fearful of change or difference
free of the gangs we have joined
chanting
in the language of saxophones


*prana, the breath of life, the vital force

 

Source: Kamau Daáood. The Language of Saxophones: Selected Poems . San Francisco: City Lights Books, 2005. (pp. 1-4)

posted 24 September 2005

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Kamau Daaood

Live with The Pan Afrikan People's Arkestra /Recites his poem written for Horace Tapscott

Liberator Of The Spirit (for John Coltrane)

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Shortly after we republished The Vulture and The Nigger Factory, Gil started to tell me about The Last Holiday, an account he was writing of a multi-city tour that he ended up doing with Stevie Wonder in late 1980 and early 1981. Originally Bob Marley was meant to be playing the tour that Stevie Wonder had conceived as a way of trying to force legislation to make Martin Luther King's birthday a national holiday. At the time, Marley was dying of cancer, so Gil was asked to do the first six dates. He ended up doing all 41. And Dr King's birthday ended up becoming a national holiday ("The Last Holiday because America can't afford to have another national holiday"), but Gil always felt that Stevie never got the recognition he deserved and that his story needed to be told. The first chapters of this book were given to me in New York when Gil was living in the Chelsea Hotel. Among the pages was a chapter called Deadline that recounts the night they played Oakland, California, 8 December; it was also the night that John Lennon was murdered.  —Jamie Byng, Guardian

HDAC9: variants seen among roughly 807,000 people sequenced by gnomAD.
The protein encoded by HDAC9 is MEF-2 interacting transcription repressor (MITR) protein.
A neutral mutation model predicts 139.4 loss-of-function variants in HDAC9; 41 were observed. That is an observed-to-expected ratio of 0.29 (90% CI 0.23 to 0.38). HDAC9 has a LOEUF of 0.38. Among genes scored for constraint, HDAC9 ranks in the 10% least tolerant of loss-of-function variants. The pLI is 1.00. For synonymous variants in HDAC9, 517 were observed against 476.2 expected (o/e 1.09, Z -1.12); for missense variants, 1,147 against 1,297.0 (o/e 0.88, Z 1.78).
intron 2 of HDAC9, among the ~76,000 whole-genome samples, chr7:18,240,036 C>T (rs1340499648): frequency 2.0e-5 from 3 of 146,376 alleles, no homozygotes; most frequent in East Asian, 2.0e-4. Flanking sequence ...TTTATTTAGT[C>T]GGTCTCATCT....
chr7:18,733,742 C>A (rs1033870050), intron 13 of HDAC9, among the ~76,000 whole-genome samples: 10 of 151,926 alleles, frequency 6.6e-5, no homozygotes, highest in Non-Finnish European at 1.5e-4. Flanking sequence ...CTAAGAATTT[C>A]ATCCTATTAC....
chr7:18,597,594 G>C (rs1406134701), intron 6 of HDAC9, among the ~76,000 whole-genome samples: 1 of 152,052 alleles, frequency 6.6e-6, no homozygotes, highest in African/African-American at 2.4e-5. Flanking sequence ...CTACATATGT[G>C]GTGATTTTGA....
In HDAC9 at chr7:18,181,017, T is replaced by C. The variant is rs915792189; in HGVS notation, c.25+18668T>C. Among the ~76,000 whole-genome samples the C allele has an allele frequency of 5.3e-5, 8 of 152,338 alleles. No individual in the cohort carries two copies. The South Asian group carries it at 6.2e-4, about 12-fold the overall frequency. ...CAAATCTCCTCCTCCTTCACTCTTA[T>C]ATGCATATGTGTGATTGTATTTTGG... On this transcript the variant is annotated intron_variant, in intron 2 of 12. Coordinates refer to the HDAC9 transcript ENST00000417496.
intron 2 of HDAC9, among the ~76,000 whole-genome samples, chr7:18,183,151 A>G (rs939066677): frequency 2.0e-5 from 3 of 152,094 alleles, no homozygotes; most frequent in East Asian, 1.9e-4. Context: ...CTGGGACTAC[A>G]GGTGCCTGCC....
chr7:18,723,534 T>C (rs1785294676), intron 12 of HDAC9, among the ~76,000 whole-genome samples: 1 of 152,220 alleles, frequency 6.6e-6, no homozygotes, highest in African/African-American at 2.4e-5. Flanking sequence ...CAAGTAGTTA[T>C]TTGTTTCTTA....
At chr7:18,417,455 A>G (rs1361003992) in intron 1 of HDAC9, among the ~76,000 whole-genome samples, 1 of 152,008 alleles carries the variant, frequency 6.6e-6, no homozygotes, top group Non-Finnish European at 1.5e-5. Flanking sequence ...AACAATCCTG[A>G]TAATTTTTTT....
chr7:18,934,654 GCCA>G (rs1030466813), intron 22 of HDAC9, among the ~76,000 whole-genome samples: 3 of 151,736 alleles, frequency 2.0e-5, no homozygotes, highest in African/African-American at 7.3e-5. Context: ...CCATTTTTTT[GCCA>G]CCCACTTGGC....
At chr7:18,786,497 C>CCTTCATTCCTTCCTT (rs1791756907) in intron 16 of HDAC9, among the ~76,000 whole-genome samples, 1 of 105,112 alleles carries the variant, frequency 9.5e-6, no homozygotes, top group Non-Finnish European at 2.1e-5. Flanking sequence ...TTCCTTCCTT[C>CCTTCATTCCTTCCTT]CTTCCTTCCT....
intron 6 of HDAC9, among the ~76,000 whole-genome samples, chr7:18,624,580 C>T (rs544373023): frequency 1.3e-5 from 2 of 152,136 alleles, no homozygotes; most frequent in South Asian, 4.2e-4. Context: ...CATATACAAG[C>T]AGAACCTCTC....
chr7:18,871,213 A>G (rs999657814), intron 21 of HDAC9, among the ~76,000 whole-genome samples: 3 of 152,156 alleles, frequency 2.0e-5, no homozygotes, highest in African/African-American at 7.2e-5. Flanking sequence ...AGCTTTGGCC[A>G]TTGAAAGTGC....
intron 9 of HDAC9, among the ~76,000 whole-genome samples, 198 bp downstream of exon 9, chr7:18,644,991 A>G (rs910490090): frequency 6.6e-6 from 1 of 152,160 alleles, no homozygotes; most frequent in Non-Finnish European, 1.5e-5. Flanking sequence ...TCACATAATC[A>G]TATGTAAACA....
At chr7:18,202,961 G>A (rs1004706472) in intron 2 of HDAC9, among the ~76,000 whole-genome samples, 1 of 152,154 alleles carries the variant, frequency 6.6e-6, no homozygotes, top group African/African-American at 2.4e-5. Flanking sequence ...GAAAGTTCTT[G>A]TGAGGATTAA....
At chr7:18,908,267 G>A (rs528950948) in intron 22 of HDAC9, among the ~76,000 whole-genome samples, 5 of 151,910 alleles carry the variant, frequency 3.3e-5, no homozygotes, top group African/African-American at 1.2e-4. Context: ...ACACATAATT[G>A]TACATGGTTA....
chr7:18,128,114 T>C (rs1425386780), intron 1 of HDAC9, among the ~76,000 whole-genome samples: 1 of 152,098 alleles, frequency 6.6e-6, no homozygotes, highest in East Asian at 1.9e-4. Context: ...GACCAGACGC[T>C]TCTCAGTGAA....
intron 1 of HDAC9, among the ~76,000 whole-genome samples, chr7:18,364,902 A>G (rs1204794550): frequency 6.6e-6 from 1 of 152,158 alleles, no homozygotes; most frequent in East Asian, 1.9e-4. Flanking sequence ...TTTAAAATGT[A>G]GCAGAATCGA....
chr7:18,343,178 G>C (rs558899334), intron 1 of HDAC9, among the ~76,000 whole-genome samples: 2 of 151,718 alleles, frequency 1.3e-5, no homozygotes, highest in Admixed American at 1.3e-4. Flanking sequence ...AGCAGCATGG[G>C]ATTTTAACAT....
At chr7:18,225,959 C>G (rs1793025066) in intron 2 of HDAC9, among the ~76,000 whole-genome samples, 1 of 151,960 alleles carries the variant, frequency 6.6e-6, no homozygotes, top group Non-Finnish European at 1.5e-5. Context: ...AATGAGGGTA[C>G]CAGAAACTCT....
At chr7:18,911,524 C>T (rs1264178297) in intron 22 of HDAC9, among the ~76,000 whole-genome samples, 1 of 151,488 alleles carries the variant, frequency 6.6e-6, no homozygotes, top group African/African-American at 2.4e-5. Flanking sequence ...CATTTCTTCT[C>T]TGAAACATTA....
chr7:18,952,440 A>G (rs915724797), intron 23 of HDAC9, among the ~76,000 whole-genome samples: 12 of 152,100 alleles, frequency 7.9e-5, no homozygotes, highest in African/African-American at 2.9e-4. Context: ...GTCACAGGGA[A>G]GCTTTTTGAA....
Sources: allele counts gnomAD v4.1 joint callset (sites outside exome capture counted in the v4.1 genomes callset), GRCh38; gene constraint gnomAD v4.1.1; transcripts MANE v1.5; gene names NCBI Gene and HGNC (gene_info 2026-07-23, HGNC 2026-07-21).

/ Gil_reads_"Deadline" (audio)  / Gil Scott-Heron & His Music  Gil Scott Heron Blue Collar  Remember Gil Scott- Heron

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Professor Perry points out how the propagation of these harmful myths have served the mainstream culture well. For instance, the Mammy suggests that it is almost second nature for black females to feel a maternal instinct towards Caucasian babies.